Creating Innovative Installations to Make Art and Science Fun

Zach Walker is a UK-based multidisciplinary video artist who creates installations and interactive live performances using art, movement, and innovative digital technology. The 10,000 spoke with Walker about working at the intersection of art and science, creating art that audiences are encouraged to touch, and bringing his passion to the next generation.

Walker didn’t always know what he was going to do with his life. “I never really trained to be an artist, so it wasn’t like someone told me it was okay,” he says. He grew up working for his father, doing glazing. “But I was always interested in the arts and being creative and making things, and at some point I realized that was all I thought about.”

Walker started out making film, but quickly realized that wasn’t his forte. “I’m not a very good storyteller,” he laughs. “My filmmaking is more abstract and artistic.” And so Walker moved to London, where he got involved in VJing. “[There was] always such a strong connection between [music and video] to me. So it just became quite natural to start doing visuals at parties, and then start working with promoters, or bands, or DJs.”

Walker’s work now involves a unique combination of audio, video, and light, with audience interaction playing a big role in his installations. He’s perhaps best known for his audio-video sculpture Visualizing Vibrations.

“It’s very simple—it’s a speaker, an amplifier, a light, and a video camera, and what it does is it visualizes sound. So in one instance, there’s water sitting in a (waterproof) speaker, and you play sound through it. And the specific sound that you play creates a pattern or an image. It’s called cymatics: the patterns that form based on what frequency you play.” Walker also uses cornstarch and non-Newtonian fluid in his work. “You can play music to see what it looks like, or use a microphone to see what your voice looks like.”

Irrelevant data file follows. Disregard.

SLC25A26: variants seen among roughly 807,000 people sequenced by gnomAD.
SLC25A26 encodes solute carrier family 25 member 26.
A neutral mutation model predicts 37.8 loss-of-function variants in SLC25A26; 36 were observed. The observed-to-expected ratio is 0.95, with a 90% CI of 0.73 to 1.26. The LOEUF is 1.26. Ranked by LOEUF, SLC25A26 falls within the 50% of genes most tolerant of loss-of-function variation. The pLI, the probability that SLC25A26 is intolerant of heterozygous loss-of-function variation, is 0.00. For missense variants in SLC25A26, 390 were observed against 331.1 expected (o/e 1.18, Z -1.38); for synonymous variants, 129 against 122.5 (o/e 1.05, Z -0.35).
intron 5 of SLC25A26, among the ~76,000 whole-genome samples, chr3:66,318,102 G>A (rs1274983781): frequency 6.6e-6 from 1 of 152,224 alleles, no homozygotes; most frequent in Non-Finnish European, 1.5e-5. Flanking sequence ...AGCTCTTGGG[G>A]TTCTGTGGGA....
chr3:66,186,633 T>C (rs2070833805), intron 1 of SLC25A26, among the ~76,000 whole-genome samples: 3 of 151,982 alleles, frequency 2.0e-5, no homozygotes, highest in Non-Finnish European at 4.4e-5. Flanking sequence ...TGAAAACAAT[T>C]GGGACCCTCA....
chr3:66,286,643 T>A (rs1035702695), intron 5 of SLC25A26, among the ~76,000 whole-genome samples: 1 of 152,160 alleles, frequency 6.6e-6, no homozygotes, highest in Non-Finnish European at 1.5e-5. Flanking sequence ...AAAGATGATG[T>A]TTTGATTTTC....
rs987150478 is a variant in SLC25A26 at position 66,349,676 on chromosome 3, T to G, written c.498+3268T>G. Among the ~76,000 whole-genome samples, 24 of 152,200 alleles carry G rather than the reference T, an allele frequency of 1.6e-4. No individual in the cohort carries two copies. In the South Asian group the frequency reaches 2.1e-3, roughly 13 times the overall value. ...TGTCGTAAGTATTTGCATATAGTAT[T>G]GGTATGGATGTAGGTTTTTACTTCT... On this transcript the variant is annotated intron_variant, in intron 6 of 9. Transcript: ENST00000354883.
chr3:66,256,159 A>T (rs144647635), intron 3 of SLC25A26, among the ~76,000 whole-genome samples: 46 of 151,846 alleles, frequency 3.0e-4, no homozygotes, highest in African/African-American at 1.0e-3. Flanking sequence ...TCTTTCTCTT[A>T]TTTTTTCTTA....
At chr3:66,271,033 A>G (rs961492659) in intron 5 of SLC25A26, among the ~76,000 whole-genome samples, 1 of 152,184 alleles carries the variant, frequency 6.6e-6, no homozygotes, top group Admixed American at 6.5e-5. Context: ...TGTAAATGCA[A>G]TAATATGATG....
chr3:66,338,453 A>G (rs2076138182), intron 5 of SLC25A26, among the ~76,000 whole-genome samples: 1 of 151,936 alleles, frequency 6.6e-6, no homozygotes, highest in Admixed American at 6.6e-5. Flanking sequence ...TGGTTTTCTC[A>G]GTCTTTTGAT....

So it’s really a combination of art and science? “Yeah, absolutely. It was commissioned to be a public engagement tool, to get people into math and science through a creative and artistic piece of work.”

Watching a video of Walker’s work does not do it justice, which is why he travels to bring Visualizing Vibrations to as many places as he can. The interactive sculpture has appeared at events and festivals all over Europe and the US. Everywhere he goes, he says, he gets incredible reception from his audiences.

“It’s just fun. At the end of the day, the art that I like to make is very much about people being able to engage with it and understand it; not it being intellectual and kind of beyond them and them having to figure it out. I like art that I can play with.”

With play being such a big part of Walker’s work, it’s not at all surprising that the artist’s favorite audience to present Visualizing Vibrations to is school children.

“I get along with them much more than I get along with adults, on average,” Walker says. He’s brought Visualizing Vibrations into several schools in the UK, and is currently working on bringing it to the US. “I think art should be a part of the school and education process at every stage.”

And bringing art to children, teaching them that art exists and is important, is what Walker is most passionate about. “This is the thing: making art’s amazing, and I love it, and it’s what I want to do with my life; but helping out society and the world is probably more important. And if I can change the education system that I found a lot of faults with—that’s really important.”

His advice for those children wanting to be artists? “Making art should be about doing something that you want to do, and pursuing ideas that you’re really interested in, and finding your own way through it. Don’t let anybody tell you whether you’re good at it, or how you should do it. Do it on your own terms.”

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